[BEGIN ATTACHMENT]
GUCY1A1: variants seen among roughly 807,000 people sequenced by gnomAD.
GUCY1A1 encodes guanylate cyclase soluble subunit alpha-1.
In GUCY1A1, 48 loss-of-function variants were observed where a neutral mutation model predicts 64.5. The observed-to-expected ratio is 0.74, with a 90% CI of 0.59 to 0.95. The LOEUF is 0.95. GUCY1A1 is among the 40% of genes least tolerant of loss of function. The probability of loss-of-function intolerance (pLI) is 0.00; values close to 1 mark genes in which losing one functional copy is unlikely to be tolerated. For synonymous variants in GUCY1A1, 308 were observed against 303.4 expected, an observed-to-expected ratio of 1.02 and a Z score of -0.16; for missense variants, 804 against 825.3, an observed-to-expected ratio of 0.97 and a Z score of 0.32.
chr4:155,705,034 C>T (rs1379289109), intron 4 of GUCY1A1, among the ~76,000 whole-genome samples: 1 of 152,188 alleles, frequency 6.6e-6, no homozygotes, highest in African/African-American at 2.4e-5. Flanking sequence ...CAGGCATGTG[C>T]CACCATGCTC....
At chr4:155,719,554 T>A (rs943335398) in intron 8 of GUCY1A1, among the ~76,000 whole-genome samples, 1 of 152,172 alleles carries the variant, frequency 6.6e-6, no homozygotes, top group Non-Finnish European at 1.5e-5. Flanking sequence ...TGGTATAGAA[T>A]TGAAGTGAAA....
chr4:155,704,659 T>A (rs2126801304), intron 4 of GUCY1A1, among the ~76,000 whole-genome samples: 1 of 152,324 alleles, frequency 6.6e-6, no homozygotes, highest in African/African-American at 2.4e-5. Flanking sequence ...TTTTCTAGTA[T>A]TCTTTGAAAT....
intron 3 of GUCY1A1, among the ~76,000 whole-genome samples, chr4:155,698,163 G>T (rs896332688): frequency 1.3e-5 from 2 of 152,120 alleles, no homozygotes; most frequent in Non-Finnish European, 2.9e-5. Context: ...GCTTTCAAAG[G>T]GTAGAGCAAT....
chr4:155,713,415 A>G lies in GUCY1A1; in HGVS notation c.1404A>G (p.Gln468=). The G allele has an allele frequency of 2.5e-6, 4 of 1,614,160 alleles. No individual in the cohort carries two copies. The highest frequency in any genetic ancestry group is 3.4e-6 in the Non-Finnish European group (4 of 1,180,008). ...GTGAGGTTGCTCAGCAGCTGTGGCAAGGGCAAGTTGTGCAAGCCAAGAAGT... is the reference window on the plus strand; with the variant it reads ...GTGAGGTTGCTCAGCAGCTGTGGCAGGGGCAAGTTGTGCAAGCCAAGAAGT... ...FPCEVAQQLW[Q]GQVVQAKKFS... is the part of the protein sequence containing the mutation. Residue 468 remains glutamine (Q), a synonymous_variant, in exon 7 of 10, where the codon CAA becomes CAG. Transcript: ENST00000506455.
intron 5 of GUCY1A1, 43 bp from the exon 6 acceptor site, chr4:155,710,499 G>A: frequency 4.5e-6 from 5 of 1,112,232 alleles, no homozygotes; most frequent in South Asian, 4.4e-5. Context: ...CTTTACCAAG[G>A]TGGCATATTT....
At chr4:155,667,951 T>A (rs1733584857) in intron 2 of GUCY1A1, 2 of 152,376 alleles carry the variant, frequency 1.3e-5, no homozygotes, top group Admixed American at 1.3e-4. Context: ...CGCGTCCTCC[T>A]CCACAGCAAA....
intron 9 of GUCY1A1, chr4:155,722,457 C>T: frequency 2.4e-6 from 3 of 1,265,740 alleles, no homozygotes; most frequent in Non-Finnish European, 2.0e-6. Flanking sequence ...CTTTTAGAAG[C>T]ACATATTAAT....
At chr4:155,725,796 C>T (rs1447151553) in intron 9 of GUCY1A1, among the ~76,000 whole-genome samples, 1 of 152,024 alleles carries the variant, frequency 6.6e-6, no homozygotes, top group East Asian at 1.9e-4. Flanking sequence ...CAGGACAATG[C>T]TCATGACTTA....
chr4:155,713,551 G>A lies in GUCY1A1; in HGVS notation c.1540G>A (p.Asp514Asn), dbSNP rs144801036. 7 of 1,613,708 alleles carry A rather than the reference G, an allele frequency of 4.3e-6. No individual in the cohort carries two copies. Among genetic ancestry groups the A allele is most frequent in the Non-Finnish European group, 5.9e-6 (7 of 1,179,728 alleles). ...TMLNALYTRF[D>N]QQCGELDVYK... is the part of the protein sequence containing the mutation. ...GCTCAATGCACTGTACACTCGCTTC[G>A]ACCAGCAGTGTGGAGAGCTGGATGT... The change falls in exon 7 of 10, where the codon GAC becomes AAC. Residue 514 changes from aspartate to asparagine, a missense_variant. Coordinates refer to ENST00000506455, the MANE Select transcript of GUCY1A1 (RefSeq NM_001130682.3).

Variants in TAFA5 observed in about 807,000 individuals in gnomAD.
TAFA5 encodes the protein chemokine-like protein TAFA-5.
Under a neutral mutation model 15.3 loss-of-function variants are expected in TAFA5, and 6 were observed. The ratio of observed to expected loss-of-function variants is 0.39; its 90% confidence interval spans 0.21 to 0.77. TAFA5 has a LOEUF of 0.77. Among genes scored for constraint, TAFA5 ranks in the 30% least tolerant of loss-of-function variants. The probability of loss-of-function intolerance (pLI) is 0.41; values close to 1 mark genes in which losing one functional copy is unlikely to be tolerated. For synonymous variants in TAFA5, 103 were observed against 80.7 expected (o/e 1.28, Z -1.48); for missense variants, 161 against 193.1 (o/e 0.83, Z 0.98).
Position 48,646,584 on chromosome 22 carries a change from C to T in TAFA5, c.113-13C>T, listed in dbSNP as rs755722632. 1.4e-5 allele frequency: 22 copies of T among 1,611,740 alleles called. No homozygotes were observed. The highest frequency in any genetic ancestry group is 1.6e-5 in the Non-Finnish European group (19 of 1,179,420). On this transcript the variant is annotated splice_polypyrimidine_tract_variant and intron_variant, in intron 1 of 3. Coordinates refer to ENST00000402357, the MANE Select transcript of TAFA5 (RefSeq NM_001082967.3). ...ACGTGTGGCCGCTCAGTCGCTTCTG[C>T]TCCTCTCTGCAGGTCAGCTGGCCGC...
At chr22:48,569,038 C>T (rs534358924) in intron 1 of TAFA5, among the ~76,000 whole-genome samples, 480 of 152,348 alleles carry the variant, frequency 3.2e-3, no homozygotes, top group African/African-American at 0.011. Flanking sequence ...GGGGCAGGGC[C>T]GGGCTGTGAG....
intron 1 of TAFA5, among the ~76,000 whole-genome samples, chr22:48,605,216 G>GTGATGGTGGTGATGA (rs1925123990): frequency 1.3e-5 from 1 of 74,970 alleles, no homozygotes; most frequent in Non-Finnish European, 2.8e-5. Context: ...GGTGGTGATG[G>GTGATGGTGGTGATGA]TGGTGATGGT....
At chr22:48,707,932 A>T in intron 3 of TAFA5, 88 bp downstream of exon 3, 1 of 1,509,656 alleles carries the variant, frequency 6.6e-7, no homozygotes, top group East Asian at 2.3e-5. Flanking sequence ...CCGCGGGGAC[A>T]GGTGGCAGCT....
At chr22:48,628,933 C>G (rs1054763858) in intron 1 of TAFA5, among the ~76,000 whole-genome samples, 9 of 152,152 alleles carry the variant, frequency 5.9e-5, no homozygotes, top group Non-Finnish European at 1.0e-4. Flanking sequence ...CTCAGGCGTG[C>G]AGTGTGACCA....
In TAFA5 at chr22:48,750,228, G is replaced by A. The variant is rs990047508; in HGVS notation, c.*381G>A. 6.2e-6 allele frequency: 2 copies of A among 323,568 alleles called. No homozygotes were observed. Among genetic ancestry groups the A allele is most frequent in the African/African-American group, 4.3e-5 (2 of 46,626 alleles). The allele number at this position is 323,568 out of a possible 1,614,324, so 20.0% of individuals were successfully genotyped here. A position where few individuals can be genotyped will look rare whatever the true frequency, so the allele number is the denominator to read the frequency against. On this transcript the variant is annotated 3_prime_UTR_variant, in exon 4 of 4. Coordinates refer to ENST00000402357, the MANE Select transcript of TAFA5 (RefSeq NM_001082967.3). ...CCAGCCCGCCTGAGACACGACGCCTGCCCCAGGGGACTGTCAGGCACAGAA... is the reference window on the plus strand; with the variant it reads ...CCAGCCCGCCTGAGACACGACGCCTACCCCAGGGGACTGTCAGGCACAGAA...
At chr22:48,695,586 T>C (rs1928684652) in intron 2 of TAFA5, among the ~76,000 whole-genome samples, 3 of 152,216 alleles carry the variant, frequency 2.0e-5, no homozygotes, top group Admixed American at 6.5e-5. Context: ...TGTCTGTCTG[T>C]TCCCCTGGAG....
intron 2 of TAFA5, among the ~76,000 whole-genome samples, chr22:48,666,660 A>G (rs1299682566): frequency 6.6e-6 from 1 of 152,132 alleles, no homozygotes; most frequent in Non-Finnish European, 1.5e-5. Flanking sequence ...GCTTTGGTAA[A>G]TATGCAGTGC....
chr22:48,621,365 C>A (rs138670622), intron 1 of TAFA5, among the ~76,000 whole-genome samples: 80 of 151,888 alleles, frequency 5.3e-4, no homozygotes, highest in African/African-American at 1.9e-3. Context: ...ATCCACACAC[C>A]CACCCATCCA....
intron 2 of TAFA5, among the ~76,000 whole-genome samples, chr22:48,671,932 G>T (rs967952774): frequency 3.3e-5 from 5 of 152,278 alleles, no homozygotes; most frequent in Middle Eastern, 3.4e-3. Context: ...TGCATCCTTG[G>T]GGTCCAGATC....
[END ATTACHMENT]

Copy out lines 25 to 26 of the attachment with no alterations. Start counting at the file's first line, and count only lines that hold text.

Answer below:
chr22:48,621,365 C>A (rs138670622), intron 1 of TAFA5, among the ~76,000 whole-genome samples: 80 of 151,888 alleles, frequency 5.3e-4, no homozygotes, highest in African/African-American at 1.9e-3. Context: ...ATCCACACAC[C>A]CACCCATCCA....
intron 2 of TAFA5, among the ~76,000 whole-genome samples, chr22:48,671,932 G>T (rs967952774): frequency 3.3e-5 from 5 of 152,278 alleles, no homozygotes; most frequent in Middle Eastern, 3.4e-3. Context: ...TGCATCCTTG[G>T]GGTCCAGATC....